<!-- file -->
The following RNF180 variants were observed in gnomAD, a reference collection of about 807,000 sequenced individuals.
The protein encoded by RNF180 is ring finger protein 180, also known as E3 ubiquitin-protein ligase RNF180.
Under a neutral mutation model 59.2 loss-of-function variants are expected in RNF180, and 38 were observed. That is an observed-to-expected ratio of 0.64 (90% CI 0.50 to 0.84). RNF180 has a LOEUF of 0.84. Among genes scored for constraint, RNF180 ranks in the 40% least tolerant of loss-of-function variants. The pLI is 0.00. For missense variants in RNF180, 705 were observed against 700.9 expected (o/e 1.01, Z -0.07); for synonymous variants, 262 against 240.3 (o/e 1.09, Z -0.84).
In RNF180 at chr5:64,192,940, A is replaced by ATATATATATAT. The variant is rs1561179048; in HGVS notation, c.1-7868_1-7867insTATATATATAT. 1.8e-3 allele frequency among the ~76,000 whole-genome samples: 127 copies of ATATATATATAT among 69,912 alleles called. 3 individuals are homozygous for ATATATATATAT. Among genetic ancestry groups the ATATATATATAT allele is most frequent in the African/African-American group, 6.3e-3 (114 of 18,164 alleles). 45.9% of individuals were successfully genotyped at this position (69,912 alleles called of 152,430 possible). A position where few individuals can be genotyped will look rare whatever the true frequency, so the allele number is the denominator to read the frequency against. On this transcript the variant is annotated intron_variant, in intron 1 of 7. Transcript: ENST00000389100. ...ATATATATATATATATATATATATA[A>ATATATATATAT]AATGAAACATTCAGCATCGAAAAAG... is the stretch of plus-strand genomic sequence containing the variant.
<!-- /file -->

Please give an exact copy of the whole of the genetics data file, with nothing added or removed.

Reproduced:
The following RNF180 variants were observed in gnomAD, a reference collection of about 807,000 sequenced individuals.
The protein encoded by RNF180 is ring finger protein 180, also known as E3 ubiquitin-protein ligase RNF180.
Under a neutral mutation model 59.2 loss-of-function variants are expected in RNF180, and 38 were observed. That is an observed-to-expected ratio of 0.64 (90% CI 0.50 to 0.84). RNF180 has a LOEUF of 0.84. Among genes scored for constraint, RNF180 ranks in the 40% least tolerant of loss-of-function variants. The pLI is 0.00. For missense variants in RNF180, 705 were observed against 700.9 expected (o/e 1.01, Z -0.07); for synonymous variants, 262 against 240.3 (o/e 1.09, Z -0.84).
In RNF180 at chr5:64,192,940, A is replaced by ATATATATATAT. The variant is rs1561179048; in HGVS notation, c.1-7868_1-7867insTATATATATAT. 1.8e-3 allele frequency among the ~76,000 whole-genome samples: 127 copies of ATATATATATAT among 69,912 alleles called. 3 individuals are homozygous for ATATATATATAT. Among genetic ancestry groups the ATATATATATAT allele is most frequent in the African/African-American group, 6.3e-3 (114 of 18,164 alleles). 45.9% of individuals were successfully genotyped at this position (69,912 alleles called of 152,430 possible). A position where few individuals can be genotyped will look rare whatever the true frequency, so the allele number is the denominator to read the frequency against. On this transcript the variant is annotated intron_variant, in intron 1 of 7. Transcript: ENST00000389100. ...ATATATATATATATATATATATATA[A>ATATATATATAT]AATGAAACATTCAGCATCGAAAAAG... is the stretch of plus-strand genomic sequence containing the variant.